History of Baylands Nature Preserve

Palo Alto Historical Association: John Fletcher Byxbee Recreation Area (part of the Baylands Nature Preserve)

The Byxbee Park Hills area of Baylands was named for John Fletcher Byxbee Jr., Palo Alto City Engineer from 1906 to 1941. John Fletcher Byxbee

John Byxbee, born in San Francisco in 1878, came to live in Palo Alto in 1894. He was a member of the first graduating class of Palo Alto High School. At Stanford University he studied under C. D. Marx, founder of the City of Palo Alto utilities system, and graduated with a B.A. in Civil Engineering with the class of 1902. At first named Assistant City Engineer, he became City Engineer in 1906. Our public utilities system, sewage system, and the Embarcadero Road and University Avenue underpasses were all developed under his guidance. After his retirement, he served on the Planning Commission until his death in 1947.

Byxbee envisioned the development of the Baylands as a park and recreation center and in January 1921, the Board of Public Works recommended the initial purchase of 40 acres of marshland. Nine years later, Byxbee submitted a plan that included a municipal airport, a salt-water swimming pool, a yacht harbor -- yachting was his main recreation -- and clubhouse, a basin for seaplanes, and areas for playgrounds, picnic grounds, golf course, and a game reserve. The cost was estimated at 2.2 million dollars.

In 1968, the city Council named the park the John Fletcher Byxbee Recreation Area. However, today the term "Baylands Nature Preserve" is used more readily in the city's publications. The area covers several facilities and occupies 1,940 acres. The land was acquired between 1921 and 1958 through a series of acquisitions and one condemnation - 23 transactions in all.

At present, the Baylands complex consists of the former Yacht Harbor area, the Palo Alto Airport, the Municipal Golf Course, the Duck Pond and public picnic area, the Baylands Athletic Center, the Sailing Station, the Lucy Evans Baylands Nature Interpretive Center, the Harriet Mundy Marsh and tidal basin. Each of the first three facilities has a history too long to be included here, but the material is readily available in the files of the Historical Association.

The Duck Pond is a popular family attraction. Besides the resident population of several species of ducks, it is a way station for many migratory birds. The pond was originally built as a swimming pool, but because of siltation problems, it was soon converted to a bird refuge with funds from the estate of Lucie Stern. On the far side of the pond a table with two benches nestled among the trees and shrubs is provided for picnickers.

The Baylands Athletic Center is located at the end of Geng Road. It was completed in 1969 for the practice of field and team sports and includes a lighted baseball diamond with a 500-seat grandstand, a multi-use field, and parking lots.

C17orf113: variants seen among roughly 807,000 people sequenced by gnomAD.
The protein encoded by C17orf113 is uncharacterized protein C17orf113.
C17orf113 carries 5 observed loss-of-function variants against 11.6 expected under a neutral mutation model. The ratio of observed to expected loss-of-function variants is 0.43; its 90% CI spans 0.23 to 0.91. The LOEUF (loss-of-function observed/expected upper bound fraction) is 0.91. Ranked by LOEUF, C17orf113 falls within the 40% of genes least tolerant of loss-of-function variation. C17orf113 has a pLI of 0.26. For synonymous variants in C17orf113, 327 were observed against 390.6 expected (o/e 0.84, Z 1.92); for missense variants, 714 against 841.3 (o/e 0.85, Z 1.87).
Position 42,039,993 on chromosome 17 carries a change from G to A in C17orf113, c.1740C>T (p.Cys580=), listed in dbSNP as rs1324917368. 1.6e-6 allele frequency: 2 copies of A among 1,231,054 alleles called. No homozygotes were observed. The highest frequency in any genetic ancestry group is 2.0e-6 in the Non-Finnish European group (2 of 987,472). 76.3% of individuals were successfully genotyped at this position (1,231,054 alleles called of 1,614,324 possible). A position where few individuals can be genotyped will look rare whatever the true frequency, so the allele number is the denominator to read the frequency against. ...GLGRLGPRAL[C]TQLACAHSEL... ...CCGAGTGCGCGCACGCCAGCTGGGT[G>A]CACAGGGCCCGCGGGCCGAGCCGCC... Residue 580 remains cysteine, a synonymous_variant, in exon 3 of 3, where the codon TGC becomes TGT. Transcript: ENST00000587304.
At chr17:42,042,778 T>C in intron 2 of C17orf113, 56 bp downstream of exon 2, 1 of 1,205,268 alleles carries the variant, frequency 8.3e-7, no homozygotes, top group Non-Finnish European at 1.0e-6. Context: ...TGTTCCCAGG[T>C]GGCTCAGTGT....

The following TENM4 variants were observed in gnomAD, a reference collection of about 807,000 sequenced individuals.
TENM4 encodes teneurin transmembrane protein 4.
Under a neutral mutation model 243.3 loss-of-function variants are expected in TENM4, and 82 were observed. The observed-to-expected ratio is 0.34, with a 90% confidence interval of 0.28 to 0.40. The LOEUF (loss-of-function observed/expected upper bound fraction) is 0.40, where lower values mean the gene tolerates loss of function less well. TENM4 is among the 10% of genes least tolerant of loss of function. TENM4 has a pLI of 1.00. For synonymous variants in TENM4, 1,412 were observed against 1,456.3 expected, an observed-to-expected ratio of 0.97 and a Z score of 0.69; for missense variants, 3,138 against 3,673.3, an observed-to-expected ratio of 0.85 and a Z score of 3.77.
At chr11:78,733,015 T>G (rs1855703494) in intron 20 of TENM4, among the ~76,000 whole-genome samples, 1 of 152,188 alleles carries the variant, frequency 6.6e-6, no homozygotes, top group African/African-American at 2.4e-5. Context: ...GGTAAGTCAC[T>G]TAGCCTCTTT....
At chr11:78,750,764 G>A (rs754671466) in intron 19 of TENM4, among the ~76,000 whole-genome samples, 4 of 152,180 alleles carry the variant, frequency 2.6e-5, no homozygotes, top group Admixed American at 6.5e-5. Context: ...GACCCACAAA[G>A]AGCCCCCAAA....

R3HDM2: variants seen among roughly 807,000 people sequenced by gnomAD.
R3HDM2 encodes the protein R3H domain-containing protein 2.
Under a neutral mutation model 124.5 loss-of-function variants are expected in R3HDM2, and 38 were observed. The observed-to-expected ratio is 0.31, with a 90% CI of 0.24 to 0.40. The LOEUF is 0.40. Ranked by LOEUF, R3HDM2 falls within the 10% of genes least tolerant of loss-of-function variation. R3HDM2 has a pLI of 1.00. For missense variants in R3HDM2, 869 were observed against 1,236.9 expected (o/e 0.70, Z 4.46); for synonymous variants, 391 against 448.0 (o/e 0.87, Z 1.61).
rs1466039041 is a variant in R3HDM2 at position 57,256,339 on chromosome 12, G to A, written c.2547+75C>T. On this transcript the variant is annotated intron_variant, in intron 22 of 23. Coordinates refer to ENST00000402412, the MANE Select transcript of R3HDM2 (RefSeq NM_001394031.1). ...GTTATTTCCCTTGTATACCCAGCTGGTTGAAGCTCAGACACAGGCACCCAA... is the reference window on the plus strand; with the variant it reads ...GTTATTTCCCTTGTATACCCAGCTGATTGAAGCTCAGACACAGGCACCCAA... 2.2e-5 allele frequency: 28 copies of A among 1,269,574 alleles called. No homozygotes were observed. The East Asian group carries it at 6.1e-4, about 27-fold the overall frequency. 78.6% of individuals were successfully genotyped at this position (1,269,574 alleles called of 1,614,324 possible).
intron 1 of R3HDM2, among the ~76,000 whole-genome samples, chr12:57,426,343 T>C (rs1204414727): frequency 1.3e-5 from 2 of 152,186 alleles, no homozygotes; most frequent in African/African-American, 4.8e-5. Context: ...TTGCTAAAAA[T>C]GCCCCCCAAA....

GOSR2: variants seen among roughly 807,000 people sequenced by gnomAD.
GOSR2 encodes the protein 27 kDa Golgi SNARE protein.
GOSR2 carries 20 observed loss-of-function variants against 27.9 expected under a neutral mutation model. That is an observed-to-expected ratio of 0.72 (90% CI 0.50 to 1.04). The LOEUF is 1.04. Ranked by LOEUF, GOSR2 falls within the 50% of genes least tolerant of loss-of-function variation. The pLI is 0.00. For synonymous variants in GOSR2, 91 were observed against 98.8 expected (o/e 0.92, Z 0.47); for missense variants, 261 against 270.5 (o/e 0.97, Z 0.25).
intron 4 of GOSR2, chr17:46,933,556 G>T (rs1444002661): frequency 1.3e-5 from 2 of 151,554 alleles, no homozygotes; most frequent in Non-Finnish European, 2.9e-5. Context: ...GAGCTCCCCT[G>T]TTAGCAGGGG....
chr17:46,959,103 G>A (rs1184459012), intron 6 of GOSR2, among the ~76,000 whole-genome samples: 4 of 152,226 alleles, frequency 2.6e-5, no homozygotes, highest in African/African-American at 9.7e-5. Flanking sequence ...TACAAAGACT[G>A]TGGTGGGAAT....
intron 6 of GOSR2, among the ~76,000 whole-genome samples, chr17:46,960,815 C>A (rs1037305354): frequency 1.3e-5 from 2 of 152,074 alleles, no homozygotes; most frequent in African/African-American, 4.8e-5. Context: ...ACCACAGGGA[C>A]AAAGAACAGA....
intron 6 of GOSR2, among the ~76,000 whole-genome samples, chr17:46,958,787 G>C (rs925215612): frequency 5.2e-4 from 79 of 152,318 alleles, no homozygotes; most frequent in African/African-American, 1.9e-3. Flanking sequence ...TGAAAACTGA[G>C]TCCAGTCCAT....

The Lucy Evans Baylands Nature Interpretive Center is built on pilings at the edge of the salt marsh. A plank walk leads a quarter-mile across the marsh to open water and a panoramic view of San Francisco Bay. The Center offers various programs and activities such as nature walks, animal and fossil workshops for children, an ecology laboratory, and displays of tidelands flora and fauna.

Lucy Evans, born in Wyoming in 1903, came to California with her family at the age of two. She graduated from Stanford in 1929, having been elected to Phi Beta Kappa. She taught at Mayfield School for 23 years. Class field trips led to her joining the Audubon Society and exploring the Baylands extensively. A friend has said that "she knew every inch" of them. She fought for the preservation of the Baylands, and her determination earned her the appellation "Baylands Lucy." She died suddenly in 1978. The Baylands Nature Interpretive Center was rededicated to her memory in December 1978.

The Harriet Mundy Marsh, dedicated on October 23, 1982, extends from Lucy Evans Nature Interpretive Center to Sand Point. Harriet Mundy "discovered" the Baylands when she was advised to walk after a fall in 1959. She became a close friend of Lucy Evans and joined her in the resolve to help preserve the Palo Alto marshland. A $30 million private proposal to develop the Palo Alto Baylands for commercial and industrial use spurred Mundy to action. In 1960 she helped to circulate a petition which resulted in the City Council stopping development until a Baylands Master Plan was prepared. The naming of the marsh recognizes her continued perseverance and devotion to the marshlands.

The Emily Renzel Wetlands restoration project was completed in 1992, utilizing a $1,000,000 grant from the California Coastal Conservancy to enhance the salt marsh portion of wetlands with bay water, and creating a new 15-acre fresh water pond.   The freshwater pond uses pumped reclaimed water from the nearby Palo Alto Regional Water Quality Control Plant. Shortly after the wetland restoration and pond project was completed, the area was named after former City Councilmember Emily Renzel for her tireless work over 20 years to preserve and protect Palo Alto's Baylands. Ms. Renzel was also a principal sponsor of the City's park dedication ordinance that protects park and open space land from any form of public or private development without the expressed consent of Palo Alto voters.

The Baylands consists of approximately 1,940 acres in both Palo Alto and East Palo Alto.

Last Updated: June 7, 2007